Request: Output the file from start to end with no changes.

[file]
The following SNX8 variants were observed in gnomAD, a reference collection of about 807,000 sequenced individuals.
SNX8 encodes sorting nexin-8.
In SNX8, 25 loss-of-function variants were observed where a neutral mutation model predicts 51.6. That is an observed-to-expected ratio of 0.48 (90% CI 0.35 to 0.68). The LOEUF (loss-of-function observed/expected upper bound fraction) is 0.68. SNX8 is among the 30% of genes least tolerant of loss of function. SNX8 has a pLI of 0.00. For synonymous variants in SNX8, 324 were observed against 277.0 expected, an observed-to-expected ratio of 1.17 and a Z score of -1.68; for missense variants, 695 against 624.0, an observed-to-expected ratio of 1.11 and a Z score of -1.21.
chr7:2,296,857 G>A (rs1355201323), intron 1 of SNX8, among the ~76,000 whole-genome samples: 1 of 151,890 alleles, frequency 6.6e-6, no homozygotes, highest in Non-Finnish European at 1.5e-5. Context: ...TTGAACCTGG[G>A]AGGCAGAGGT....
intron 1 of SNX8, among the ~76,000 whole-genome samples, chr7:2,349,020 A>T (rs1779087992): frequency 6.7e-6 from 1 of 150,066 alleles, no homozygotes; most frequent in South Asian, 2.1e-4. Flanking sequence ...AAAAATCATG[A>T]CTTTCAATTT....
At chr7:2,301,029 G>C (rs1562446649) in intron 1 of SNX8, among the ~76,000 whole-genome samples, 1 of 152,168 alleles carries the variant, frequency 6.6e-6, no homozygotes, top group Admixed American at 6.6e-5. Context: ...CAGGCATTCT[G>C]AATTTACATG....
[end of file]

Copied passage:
The following SNX8 variants were observed in gnomAD, a reference collection of about 807,000 sequenced individuals.
SNX8 encodes sorting nexin-8.
In SNX8, 25 loss-of-function variants were observed where a neutral mutation model predicts 51.6. That is an observed-to-expected ratio of 0.48 (90% CI 0.35 to 0.68). The LOEUF (loss-of-function observed/expected upper bound fraction) is 0.68. SNX8 is among the 30% of genes least tolerant of loss of function. SNX8 has a pLI of 0.00. For synonymous variants in SNX8, 324 were observed against 277.0 expected, an observed-to-expected ratio of 1.17 and a Z score of -1.68; for missense variants, 695 against 624.0, an observed-to-expected ratio of 1.11 and a Z score of -1.21.
chr7:2,296,857 G>A (rs1355201323), intron 1 of SNX8, among the ~76,000 whole-genome samples: 1 of 151,890 alleles, frequency 6.6e-6, no homozygotes, highest in Non-Finnish European at 1.5e-5. Context: ...TTGAACCTGG[G>A]AGGCAGAGGT....
intron 1 of SNX8, among the ~76,000 whole-genome samples, chr7:2,349,020 A>T (rs1779087992): frequency 6.7e-6 from 1 of 150,066 alleles, no homozygotes; most frequent in South Asian, 2.1e-4. Flanking sequence ...AAAAATCATG[A>T]CTTTCAATTT....
At chr7:2,301,029 G>C (rs1562446649) in intron 1 of SNX8, among the ~76,000 whole-genome samples, 1 of 152,168 alleles carries the variant, frequency 6.6e-6, no homozygotes, top group Admixed American at 6.6e-5. Context: ...CAGGCATTCT[G>C]AATTTACATG....